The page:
Puebla - The eleventh step ... Mexico City to Cancun via Guatemala & Belize - CycleBlaze

September 7, 2021 to September 8, 2021

Puebla

September 7th, 2021

Trying to get breakfast in Cholula proved difficult this morning.  At eight thirty we walked into the town to look for something to eat but nothing was yet open.  So we went back to our digs.  We checked out just before ten and road into town to try our luck again.  The place we had eaten at yesterday was still closed so we ended up at a horrid fast food chain called Cafe Colibri.  At least I managed to get a cup of coffee.  I still haven't managed to sort out our stoves yet so I can boil water for tea and coffee on our own.  I have found some white gas for the MSR stove but I am loath to fire it up in a hotel room.  There are a few camping shops in Puebla so hopefully I will be able to find a gas cylinder there for the little gas stove I am carrying - much easier to use in a confined space and far less obtrusive than the MSR.

The ride to Puebla was short and the first part was on quite a nice cycle path.  Then we sucked it up for the last ten kilometers until we got to the historic center of Puebla.

First task was to find a hotel.  The one we had thought might be good wouldn't allow us to bring our bicycles in and wanted us to leave them at a parking garage a few blocks away.  Thanks but no thanks.  Less than a hundred meters up the road the Hotel Gala was happy for us to leave the bicycles in the courtyard.  Twenty five percent cheaper than the first place (Hotel Santiago), almost as close to the zocalo (which is where we wanted to be) and more than good enough for us.

After checking in and having the best shower we have enjoyed in Mexico so far we crossed the street to Taco Tony and had a great lunch of taco aribas with pork accompanied by some lovely chipotle and limes.  Just what we needed.

I remembered to take a photo before we had eaten all of our lunch. I'm falling in love with chipotle - the beer is there to take the edge off the chili.
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Then we strolled down to the cathedral, just a hundred meters away.  Its construction was started in 1575 but it was only consecrated in 1649.

The Cathedral of Puebla de los Angeles
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The alter of the kings.
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The dome above the alter of the kings. Painted in 1689.
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Later I took a short ride to the nearest camping store and bought an iso-butane gas cylinder and then found some CoffeeMate at the 7-Eleven across the road from the hotel.  At last I can now have coffee whenever I want it.  I brought 2 x 250g bags of really nice Yeigacheffe from the famous (in South Africa) Masterton's coffee roasters in Port Elizabeth and I have hardly had a chance to enjoy it.  It's a pity I'll be drinking it with coffee creamer and not fresh full cream milk but it's as good as I am going to get.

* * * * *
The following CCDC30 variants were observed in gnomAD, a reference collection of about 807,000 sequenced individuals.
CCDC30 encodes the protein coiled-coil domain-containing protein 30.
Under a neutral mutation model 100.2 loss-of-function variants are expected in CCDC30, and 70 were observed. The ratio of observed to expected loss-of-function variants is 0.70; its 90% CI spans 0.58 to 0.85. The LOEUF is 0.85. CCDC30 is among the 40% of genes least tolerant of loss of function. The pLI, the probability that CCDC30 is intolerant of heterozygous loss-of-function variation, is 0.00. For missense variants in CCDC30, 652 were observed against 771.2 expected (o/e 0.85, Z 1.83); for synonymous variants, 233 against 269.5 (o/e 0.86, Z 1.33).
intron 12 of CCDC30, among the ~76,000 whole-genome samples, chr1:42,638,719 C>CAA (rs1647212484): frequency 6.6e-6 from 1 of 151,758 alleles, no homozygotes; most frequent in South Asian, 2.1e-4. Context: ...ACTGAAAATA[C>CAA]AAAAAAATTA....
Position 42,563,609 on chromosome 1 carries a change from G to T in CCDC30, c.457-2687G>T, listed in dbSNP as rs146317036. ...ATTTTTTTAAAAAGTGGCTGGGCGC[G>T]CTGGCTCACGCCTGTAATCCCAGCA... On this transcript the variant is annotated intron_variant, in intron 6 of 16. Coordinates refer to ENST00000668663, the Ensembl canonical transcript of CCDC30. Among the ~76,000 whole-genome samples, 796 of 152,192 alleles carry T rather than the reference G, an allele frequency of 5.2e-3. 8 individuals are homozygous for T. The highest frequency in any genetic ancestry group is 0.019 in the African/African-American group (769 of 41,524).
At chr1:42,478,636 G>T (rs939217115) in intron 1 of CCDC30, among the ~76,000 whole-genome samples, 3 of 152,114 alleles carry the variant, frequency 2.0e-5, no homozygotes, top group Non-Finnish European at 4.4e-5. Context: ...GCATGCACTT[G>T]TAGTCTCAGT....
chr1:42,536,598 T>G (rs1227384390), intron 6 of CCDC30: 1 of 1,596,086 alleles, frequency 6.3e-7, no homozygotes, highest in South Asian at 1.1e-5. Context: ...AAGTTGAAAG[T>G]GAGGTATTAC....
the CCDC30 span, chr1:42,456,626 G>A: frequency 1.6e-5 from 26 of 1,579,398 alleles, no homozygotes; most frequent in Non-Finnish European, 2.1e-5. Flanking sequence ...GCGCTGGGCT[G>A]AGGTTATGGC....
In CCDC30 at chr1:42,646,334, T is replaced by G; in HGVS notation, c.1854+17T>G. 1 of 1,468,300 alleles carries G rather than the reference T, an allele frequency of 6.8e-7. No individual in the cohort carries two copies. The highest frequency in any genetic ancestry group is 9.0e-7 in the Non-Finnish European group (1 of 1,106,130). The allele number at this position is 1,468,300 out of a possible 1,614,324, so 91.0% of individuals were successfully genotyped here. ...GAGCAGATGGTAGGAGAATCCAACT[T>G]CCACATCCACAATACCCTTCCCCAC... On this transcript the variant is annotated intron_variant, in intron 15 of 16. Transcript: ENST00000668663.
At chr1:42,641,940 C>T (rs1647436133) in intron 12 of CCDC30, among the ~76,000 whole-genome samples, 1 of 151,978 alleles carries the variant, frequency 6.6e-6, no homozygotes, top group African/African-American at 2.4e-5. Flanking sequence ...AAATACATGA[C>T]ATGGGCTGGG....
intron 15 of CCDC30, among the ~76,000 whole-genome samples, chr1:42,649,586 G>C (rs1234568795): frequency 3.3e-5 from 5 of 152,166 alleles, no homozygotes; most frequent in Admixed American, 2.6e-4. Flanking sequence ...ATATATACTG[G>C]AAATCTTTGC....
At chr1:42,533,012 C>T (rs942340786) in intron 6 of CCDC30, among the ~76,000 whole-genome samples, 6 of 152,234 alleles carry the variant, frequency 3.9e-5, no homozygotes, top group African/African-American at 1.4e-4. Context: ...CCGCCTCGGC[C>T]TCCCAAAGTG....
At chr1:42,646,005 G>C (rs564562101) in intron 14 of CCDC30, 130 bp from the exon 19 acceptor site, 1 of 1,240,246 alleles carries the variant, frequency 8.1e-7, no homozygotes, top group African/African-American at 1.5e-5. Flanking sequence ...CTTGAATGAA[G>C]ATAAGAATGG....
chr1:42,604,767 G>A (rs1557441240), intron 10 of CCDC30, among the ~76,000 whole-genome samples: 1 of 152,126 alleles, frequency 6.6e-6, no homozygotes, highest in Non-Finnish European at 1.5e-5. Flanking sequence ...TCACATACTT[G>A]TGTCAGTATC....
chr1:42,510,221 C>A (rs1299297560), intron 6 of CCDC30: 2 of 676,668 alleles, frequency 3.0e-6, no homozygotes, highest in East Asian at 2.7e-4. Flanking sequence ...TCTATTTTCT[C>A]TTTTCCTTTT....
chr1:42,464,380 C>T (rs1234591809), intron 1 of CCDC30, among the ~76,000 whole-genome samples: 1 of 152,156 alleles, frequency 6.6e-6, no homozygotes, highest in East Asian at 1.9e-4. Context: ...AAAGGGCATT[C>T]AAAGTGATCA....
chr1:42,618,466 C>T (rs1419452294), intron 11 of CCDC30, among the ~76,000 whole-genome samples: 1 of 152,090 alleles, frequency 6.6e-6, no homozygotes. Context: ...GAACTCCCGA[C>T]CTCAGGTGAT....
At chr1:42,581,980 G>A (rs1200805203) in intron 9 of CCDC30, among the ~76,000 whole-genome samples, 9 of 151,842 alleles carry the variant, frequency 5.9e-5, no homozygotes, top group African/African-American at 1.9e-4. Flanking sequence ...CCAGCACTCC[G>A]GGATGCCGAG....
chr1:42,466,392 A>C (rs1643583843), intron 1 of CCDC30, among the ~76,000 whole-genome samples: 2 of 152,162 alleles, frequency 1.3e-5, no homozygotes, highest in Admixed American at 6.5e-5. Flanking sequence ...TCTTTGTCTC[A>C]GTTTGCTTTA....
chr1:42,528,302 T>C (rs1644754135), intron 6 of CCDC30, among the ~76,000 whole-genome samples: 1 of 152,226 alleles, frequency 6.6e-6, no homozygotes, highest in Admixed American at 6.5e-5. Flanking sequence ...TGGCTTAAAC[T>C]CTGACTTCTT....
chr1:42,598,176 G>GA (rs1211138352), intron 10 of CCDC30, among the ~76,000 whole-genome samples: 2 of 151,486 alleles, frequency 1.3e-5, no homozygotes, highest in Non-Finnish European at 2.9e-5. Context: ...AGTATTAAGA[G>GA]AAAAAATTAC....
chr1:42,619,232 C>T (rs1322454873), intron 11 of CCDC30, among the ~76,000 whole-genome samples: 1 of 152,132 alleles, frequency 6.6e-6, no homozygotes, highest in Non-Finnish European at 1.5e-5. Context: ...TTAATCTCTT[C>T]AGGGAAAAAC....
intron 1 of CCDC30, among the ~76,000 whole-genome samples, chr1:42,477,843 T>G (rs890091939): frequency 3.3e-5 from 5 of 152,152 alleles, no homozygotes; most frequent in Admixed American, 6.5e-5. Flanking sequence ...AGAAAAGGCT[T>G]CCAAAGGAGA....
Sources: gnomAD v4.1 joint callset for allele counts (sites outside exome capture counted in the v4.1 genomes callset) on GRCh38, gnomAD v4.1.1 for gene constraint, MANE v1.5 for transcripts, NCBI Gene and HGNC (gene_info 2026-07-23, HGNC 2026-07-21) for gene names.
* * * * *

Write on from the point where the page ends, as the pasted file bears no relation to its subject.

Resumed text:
My coffee kit. The BrewSpoon is a new addition. It's smaller and lighter than my traveller's French Press and much easier to clean and works better than my Vietnamese coffee filter.
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We are spending two days here.  Tomorrow we plan to catch a guided bus tour around the city.

Earthquake Update !

Just as we were preparing for bed, doing our laundry as good cycle tourists do and in our birthday suits because we were washing the clothes we had been wearing, the building started shaking violently and the alarm sounded.  It was a mad scramble to find some clothes and gather on the pavement outside the hotel with the other guests.  It had been a magnitude 7.4 earthquake, thankfully for us, a few hundred kilometers away closer to the Pacific coast.  After fifteen minutes or so we were allowed back inside and we finished our chores.  All seems quiet now so hopefully we can get some sleep.

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September 8th, 2021

We woke up, after a surprisingly good sleep, to find that the earthquake had been downgraded to 7.0 but that was not enough to prevent the unfortunate death of a man closer to the epicenter who died when a pillar collapsed on him.    Many areas were without electricity afterwards but we weren't affected in any way.

A minute breakfast on the terrace of Hotel Gala, from which lovely views are on offer, was followed by a day's worth of full-on tourist stuff.

Looking southwards from the hotel terrace towards the cathedral.
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Northwards towards the volcanoes.
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First up was the Museo Ampora, the best part being the exhibits on pre-Colombian art and culture.  Most of the descriptions in this section were in Spanish but we were able to understand a great deal of them, although reading was slow and laborious.  The museum is housed in one of Puebla's oldest and finest buildings and the building itself is worth admiring.

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Rock paper scissors ???
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Fresco from Teotihuacan, site of the Pyramids of the Sun and Moon.
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Then on to the Biblioteca Palafoxiana, established in 1649.  The first and oldest public library in the Americas, it has more than 45,000 books and manuscripts, ranging from the 15th to the 20th century.

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Finally a slightly disappointing guided bus tour around the city.

A nice bicycle-themed mural seen while on the bus tour.
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Tomorrow we get back on the bicycles and head southwards.

Today's ride: 20 km (12 miles)
Total: 235 km (146 miles)

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